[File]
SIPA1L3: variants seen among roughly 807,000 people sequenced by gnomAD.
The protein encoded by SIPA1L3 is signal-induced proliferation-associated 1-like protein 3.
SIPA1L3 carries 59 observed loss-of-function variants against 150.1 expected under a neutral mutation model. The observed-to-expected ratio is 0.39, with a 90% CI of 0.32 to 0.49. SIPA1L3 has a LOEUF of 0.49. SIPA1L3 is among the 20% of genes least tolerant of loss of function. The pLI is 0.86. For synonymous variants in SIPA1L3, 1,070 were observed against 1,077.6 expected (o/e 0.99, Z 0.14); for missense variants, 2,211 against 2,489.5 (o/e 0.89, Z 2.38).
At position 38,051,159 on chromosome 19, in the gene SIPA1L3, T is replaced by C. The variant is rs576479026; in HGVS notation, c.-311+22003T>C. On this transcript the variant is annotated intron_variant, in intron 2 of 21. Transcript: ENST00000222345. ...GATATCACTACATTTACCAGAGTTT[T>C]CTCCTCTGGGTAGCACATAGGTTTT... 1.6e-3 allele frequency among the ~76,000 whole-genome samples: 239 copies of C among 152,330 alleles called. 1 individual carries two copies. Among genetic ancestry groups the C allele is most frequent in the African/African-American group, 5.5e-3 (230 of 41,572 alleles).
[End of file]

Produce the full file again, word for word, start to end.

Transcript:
SIPA1L3: variants seen among roughly 807,000 people sequenced by gnomAD.
The protein encoded by SIPA1L3 is signal-induced proliferation-associated 1-like protein 3.
SIPA1L3 carries 59 observed loss-of-function variants against 150.1 expected under a neutral mutation model. The observed-to-expected ratio is 0.39, with a 90% CI of 0.32 to 0.49. SIPA1L3 has a LOEUF of 0.49. SIPA1L3 is among the 20% of genes least tolerant of loss of function. The pLI is 0.86. For synonymous variants in SIPA1L3, 1,070 were observed against 1,077.6 expected (o/e 0.99, Z 0.14); for missense variants, 2,211 against 2,489.5 (o/e 0.89, Z 2.38).
At position 38,051,159 on chromosome 19, in the gene SIPA1L3, T is replaced by C. The variant is rs576479026; in HGVS notation, c.-311+22003T>C. On this transcript the variant is annotated intron_variant, in intron 2 of 21. Transcript: ENST00000222345. ...GATATCACTACATTTACCAGAGTTT[T>C]CTCCTCTGGGTAGCACATAGGTTTT... 1.6e-3 allele frequency among the ~76,000 whole-genome samples: 239 copies of C among 152,330 alleles called. 1 individual carries two copies. Among genetic ancestry groups the C allele is most frequent in the African/African-American group, 5.5e-3 (230 of 41,572 alleles).